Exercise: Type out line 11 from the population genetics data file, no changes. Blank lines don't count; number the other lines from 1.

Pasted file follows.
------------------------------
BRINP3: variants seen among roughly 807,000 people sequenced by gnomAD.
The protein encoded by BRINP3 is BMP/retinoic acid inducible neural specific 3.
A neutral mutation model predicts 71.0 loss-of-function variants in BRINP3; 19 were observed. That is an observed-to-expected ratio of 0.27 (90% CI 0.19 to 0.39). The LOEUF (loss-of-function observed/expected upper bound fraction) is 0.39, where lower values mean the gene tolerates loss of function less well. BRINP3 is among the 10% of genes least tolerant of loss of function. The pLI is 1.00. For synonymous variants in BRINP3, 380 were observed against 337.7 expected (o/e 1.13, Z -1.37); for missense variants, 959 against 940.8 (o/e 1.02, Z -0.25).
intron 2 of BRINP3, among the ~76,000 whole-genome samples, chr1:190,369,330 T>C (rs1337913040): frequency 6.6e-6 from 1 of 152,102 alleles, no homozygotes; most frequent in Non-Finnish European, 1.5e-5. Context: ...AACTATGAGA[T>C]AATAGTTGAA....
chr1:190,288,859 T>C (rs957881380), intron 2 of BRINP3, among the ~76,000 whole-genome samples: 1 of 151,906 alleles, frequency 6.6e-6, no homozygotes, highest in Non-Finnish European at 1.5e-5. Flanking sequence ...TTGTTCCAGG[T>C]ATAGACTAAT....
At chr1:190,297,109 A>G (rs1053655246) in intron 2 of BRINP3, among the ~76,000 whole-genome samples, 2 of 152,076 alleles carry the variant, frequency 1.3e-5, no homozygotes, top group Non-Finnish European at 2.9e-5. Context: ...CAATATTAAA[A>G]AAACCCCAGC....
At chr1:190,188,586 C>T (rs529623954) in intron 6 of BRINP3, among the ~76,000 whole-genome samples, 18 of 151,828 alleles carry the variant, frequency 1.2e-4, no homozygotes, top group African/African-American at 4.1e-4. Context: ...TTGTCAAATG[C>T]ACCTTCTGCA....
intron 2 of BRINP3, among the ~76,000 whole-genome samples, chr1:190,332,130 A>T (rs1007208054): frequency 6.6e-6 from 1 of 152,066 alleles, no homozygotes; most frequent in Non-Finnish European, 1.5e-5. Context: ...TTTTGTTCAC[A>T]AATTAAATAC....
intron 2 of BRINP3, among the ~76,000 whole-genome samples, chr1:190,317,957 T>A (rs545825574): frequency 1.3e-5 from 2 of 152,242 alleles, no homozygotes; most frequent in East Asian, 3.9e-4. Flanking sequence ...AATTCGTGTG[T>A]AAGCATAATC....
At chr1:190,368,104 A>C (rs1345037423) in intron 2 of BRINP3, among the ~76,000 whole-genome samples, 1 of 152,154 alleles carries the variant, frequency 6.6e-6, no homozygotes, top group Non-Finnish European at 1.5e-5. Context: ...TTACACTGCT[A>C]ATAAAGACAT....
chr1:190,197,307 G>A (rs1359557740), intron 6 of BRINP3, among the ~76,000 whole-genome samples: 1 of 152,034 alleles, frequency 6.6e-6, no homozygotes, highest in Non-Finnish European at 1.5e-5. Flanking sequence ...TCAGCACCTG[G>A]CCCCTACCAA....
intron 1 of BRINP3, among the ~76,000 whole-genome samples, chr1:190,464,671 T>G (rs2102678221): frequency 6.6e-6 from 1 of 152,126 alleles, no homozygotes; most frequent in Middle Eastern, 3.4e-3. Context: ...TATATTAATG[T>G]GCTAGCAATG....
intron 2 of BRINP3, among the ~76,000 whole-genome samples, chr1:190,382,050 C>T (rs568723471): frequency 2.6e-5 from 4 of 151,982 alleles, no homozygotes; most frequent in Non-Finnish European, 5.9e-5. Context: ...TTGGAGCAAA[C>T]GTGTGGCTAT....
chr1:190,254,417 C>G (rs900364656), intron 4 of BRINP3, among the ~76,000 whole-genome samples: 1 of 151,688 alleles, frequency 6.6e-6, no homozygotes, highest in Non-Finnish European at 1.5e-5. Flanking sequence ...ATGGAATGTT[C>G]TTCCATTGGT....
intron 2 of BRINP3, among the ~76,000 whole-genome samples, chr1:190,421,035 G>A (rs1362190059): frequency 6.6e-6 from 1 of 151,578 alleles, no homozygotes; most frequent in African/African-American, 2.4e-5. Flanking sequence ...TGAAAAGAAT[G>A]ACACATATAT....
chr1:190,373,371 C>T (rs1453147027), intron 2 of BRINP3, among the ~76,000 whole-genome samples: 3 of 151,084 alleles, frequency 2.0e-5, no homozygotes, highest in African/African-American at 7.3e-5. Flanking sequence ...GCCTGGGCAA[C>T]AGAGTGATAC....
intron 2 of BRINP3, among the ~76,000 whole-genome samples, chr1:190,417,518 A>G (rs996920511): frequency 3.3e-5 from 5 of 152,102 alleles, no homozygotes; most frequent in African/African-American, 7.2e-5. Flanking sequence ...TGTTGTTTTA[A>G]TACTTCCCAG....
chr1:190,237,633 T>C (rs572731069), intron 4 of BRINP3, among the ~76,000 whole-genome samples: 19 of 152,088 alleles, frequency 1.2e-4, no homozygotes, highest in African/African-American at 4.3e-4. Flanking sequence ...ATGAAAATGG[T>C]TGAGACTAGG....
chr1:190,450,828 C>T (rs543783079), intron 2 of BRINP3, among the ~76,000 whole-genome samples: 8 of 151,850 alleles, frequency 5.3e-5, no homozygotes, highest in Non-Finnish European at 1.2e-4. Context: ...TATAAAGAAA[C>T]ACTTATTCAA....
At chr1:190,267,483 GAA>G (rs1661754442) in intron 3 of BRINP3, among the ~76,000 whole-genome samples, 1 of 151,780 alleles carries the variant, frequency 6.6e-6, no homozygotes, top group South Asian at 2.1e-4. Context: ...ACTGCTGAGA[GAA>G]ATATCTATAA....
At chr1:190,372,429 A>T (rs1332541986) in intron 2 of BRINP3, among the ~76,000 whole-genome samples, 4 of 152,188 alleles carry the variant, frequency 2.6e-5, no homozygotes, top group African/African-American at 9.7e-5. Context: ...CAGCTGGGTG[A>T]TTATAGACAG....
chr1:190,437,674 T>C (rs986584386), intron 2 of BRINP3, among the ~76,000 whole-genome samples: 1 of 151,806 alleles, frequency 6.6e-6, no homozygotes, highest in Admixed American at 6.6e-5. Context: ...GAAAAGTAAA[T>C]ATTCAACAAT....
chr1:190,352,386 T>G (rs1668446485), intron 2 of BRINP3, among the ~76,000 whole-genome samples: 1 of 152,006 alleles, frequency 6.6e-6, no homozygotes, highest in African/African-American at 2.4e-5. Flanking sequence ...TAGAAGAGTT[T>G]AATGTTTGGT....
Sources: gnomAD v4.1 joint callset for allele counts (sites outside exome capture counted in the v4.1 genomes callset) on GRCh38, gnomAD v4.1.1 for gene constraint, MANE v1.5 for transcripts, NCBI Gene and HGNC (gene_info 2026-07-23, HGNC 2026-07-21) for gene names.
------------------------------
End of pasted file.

chr1:190,197,307 G>A (rs1359557740), intron 6 of BRINP3, among the ~76,000 whole-genome samples: 1 of 152,034 alleles, frequency 6.6e-6, no homozygotes, highest in Non-Finnish European at 1.5e-5. Flanking sequence ...TCAGCACCTG[G>A]CCCCTACCAA....